Fed’s High Wire Inflation Fighting Effort Risks Triggering a Recessionary Fall

Imagine a high-wire act performed without a net.  That describes the Federal Reserve’s effort to curb inflation without crashing the economy.  Success will bring applause and relief; failure, a brief downturn, at best, with a prolonged recession the worst case outcome. 

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The employment figures came in higher in March than they had been trending so far this year ― not quite as high as analysts’ hopes for them, but high enough to ease concerns that the flat to negative growth patterns reflected in several key economic sectors this year might be attributable to something other than the miserable winter weather.

Employers added 192,000 workers to their payrolls, according to the Labor Department report, but the unemployment rate held at 6.7 percent as more job-seekers entered what appears to be an improving labor market.

“This is a very good report,” Nariman Behravesh, chief economist at HIS Inc., told Bloomberg News. “It looks like we’re back on track” he added.

The employment report wasn’t the only sign that winter may be loosening its icy grip on the economy:

  • The Federal Reserve reported that factory production increased by 0.8 percent in February – the largest gain since last August – reversing a 0. 9 percent decline in January.
  • Factory orders also increased by more than expected in February, recording the largest gain (1.6 percent) since September of last year.
  • Consumer income and spending both rose by 0.3 percent in February after several lackluster months in both categories.
  • Consumer confidence levels haven’t rebounded yet, however. The Thomson-Reuters March reading (80) was at a four-month low. But the percentage of consumers predicting that their finances will improve over the next six months was at the highest level since June of 2009.

Vote of Confidence

In a vote of confidence for the economic outlook, the Federal Reserve’s Open Market Committee decided to continue “tapering” the bond purchases that have been keeping interest rates low, citing the “cumulative progress toward maximum employment and the improvement in the outlook for labor market conditions.” And that decision came before the March employment report.

Analysts are equally optimistic about the housing market outlook as the spring home buying season begins, although recent statistics haven’t provided a lot of support for that view. On the down side:

  • Existing home sales in February fell to their lowest level since July of 2012.
  • Pending sales, an indicator of future activity, sank for the eighth consecutive month, falling to their lowest level in more than two years.
  • New home sales and starts followed the same downward direction, taking builder confidence levels with them.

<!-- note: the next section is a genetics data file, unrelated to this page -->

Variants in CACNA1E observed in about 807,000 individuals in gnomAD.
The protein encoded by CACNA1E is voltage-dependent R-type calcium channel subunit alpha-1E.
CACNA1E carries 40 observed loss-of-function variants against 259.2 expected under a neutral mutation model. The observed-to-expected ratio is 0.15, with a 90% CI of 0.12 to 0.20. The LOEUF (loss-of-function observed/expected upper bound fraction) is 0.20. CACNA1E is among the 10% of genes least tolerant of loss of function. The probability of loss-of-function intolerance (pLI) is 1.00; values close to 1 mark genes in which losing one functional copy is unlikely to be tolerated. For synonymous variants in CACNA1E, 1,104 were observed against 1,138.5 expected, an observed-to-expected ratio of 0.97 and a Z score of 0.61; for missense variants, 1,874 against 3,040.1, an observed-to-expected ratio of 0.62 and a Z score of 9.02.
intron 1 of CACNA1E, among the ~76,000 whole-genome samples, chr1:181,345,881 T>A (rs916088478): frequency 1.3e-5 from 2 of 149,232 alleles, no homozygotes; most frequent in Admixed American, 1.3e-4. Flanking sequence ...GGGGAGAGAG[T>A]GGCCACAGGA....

• Construction permits climbed by 7.7 percent, reaching their highest rate since October and the second highest level since the recession ended in 2009. But all of the improvement was in the volatile multi-family sector; single-family permits declined by nearly 2 percent.

Hopeful Signs and Impediments

Looking beyond these less than encouraging indicators, industry executives see more hopeful signs, primary among them: The continuing decline in the supply of foreclosed homes and in the shadow inventory of homes in foreclosure but not yet on the market; the year-over year increase in listing prices (unusual this early in the buying season, analysts note); and the increase in inventory levels – at 5.2 months, nearly 10 percent higher than they were a year ago (although they remain much skimpier in some markets, including Boston).

These trends will spur seller confidence, which “is the key factor too watch” as the spring market unfolds, Steve Berkowitz, CEO of Move Inc., told Realtor Magazine. “This is the market sellers have been waiting for,” he noted, predicting that an influx of homes for sale will spur more buyers to enter the market, improving the balance between supply and demand.

Economists at the National Association of Realtors similarly see a “strong early beginning” to the spring buying season, but they also see several impediments that could cloud the outlook. The major problems:

  • Uncertainty about the new mortgage rules is making lenders cautious about originating news loans, keeping credit standards tight and making it difficult for many would-be buyers, especially first-time buyers, to qualify for loans. “We need more first-time buyers in the market so they can purchase the homes of people who want to move up,” Michael Hanson, an economist at Bank of America, told Bloomberg News. “We won’t see a normal real estate market until they are included, and they are the ones most affected when lenders tighten standards.”
  • Rising home prices are creating affordability concerns, especially for first-time buyers, and spurring renewed fears of another housing bubble in the making.

A Zillow analysis found that more than half the homes available for sale in seven major markets are unaffordable for local residents, triggering an increase in the reliance on non-traditional mortgages, smaller down payments, and bidding wars in some markets – all “worrisome trends” to Zillow Chief Economist Stan Humphries, who sees a reflection of the conditions that brought the housing market to its knees. “We’re not in a bubble yet,” Humphries notes in the Zillow report, “but we’re beginning to see early signs of one in some areas.”